“Beyond The Pleasuredome: The Lost Occult Works of Burt Shonberg”
During his lifetime, Burt Shonberg was associated with the artist/occultist Marjorie Cameron, who probably introduced him to the mythos of Aleister Crowley and the ceremonial use of peyote. Shonberg later participated in 1960 in the experiments of Dr. Oscar Janiger on the effects of LSD on the creative mind. Shonberg’s art was prominently used in Corman’s classic films “The House of Usher” and “The Premature Burial”.
Exhibition curator and documentarian Brian Chidester notes in his essay for the exhibition catalog:
“That the art of Burt Shonberg was considered anachronistic in the era it was created makes perfect sense. He was a man out of time — both ahead and behind. Stylistically, the works he created during the 1950s and ’60s harkened back to earlier modem art genres, including Cubism and Surrealism, and thus lagged in the periods of Abstract Expressionism and Minimalism. He was ahead, however, in that his art infused these older modes with an esoteric aspect which became commonplace in California only a decade after his initial breakthrough. Indeed, during Shonberg’s lifetime, there was exactly one public exhibition of his art — at the Gallery Contemporary in West Hollywood in 1967 — and no works were apparently sold. The question of how he escaped notice by nearly everyone is thus what this exhibition seeks to redress.”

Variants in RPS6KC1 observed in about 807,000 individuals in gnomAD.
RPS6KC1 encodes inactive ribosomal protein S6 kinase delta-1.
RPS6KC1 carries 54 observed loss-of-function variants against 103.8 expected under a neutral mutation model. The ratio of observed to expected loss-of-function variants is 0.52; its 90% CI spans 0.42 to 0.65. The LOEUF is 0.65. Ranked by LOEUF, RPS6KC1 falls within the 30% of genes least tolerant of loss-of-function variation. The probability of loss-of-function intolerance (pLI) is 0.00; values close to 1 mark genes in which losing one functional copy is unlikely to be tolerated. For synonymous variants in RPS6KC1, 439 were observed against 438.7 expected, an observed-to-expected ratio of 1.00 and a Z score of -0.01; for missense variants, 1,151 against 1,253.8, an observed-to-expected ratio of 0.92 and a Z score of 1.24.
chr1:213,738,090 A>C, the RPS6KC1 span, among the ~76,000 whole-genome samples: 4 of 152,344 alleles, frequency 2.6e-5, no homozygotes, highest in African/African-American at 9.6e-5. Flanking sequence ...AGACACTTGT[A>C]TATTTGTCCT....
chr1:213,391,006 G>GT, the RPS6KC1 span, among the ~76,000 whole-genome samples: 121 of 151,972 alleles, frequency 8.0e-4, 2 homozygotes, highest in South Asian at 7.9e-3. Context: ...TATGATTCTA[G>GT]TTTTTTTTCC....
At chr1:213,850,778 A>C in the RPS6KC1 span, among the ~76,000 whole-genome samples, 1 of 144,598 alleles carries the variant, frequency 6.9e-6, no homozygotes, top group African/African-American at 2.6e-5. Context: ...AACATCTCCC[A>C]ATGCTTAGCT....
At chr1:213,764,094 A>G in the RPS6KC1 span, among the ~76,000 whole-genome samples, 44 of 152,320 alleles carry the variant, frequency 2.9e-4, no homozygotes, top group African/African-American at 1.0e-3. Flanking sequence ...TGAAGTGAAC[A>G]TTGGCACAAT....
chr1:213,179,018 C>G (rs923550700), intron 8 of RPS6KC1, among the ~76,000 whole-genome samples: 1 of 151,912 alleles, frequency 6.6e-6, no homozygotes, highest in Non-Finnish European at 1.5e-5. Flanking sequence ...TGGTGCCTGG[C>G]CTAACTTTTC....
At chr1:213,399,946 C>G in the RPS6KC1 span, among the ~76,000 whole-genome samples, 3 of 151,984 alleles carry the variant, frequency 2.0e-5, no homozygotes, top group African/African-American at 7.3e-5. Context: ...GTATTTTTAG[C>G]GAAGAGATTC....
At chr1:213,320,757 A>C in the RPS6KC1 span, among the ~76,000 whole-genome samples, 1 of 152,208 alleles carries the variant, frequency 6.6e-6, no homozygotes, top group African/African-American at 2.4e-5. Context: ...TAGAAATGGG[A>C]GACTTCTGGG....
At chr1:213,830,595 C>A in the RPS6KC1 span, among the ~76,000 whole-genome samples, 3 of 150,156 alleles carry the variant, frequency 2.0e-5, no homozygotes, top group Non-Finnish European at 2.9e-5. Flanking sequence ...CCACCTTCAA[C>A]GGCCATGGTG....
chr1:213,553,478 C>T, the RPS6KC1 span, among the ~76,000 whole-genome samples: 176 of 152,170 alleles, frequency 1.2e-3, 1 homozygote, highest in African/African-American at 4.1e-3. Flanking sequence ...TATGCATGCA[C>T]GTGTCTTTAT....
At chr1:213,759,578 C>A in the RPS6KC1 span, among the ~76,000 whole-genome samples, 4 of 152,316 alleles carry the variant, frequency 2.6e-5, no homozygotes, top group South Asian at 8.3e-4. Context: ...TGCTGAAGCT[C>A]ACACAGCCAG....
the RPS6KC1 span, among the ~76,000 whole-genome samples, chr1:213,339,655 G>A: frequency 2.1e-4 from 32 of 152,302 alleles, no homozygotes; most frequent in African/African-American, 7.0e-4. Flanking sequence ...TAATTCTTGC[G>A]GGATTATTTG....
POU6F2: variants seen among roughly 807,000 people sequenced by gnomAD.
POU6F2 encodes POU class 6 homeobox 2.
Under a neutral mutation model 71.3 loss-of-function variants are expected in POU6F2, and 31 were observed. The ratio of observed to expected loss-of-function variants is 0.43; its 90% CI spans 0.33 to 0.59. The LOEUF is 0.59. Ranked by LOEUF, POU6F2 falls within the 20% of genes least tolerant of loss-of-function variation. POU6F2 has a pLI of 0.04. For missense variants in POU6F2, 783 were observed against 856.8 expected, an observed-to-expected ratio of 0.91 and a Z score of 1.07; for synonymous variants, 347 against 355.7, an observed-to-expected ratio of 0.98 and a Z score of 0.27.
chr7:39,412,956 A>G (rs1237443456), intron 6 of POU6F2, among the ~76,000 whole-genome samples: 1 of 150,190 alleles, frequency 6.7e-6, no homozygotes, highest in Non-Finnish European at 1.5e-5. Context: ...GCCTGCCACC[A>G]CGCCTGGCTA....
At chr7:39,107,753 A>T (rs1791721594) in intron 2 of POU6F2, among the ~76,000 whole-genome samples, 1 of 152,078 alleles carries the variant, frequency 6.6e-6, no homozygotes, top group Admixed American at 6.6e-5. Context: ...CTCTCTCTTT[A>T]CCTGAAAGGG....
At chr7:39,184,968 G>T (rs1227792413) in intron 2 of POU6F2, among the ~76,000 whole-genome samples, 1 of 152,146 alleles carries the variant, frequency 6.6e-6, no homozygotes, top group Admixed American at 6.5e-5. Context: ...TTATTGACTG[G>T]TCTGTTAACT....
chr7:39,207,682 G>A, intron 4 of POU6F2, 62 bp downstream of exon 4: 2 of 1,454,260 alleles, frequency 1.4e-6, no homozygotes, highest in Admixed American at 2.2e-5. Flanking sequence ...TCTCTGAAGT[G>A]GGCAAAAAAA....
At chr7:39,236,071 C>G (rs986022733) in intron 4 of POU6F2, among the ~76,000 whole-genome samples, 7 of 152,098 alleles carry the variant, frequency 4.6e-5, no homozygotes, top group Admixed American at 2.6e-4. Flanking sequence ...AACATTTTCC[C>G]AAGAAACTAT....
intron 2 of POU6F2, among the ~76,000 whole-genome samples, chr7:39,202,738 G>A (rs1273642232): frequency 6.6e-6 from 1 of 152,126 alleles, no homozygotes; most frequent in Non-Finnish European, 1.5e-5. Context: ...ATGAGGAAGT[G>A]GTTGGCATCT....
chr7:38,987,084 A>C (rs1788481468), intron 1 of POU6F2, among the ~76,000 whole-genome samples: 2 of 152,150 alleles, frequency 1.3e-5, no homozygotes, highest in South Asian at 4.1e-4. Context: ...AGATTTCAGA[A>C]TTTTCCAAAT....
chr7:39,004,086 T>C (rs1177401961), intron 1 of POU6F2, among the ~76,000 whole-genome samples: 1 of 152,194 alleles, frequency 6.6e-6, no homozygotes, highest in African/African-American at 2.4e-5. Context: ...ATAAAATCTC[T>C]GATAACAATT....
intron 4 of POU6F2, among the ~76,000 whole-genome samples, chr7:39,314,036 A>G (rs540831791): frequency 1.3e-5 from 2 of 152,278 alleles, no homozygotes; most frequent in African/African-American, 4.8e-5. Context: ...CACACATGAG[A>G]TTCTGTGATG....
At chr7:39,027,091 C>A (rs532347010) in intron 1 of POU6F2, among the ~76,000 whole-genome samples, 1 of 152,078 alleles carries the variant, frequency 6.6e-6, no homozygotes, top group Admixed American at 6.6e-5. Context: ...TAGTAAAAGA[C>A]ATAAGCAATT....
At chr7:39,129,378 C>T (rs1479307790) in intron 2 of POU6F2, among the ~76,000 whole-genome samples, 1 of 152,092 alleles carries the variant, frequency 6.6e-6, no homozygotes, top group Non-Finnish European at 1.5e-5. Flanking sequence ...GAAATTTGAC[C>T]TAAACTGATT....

Shonberg’s art gained the attention of Roger Corman around 1958 when the latter commissioned Shonberg to create ancestral portraits for his high-profile film version of Edgar Allan Poe’s “House of Usher” (1960) starring Vincent Price. Afterwards, Shonberg contributed his artwork to a second film, “Premature Burial” (1962), also based on a story by Edgar Allan Poe.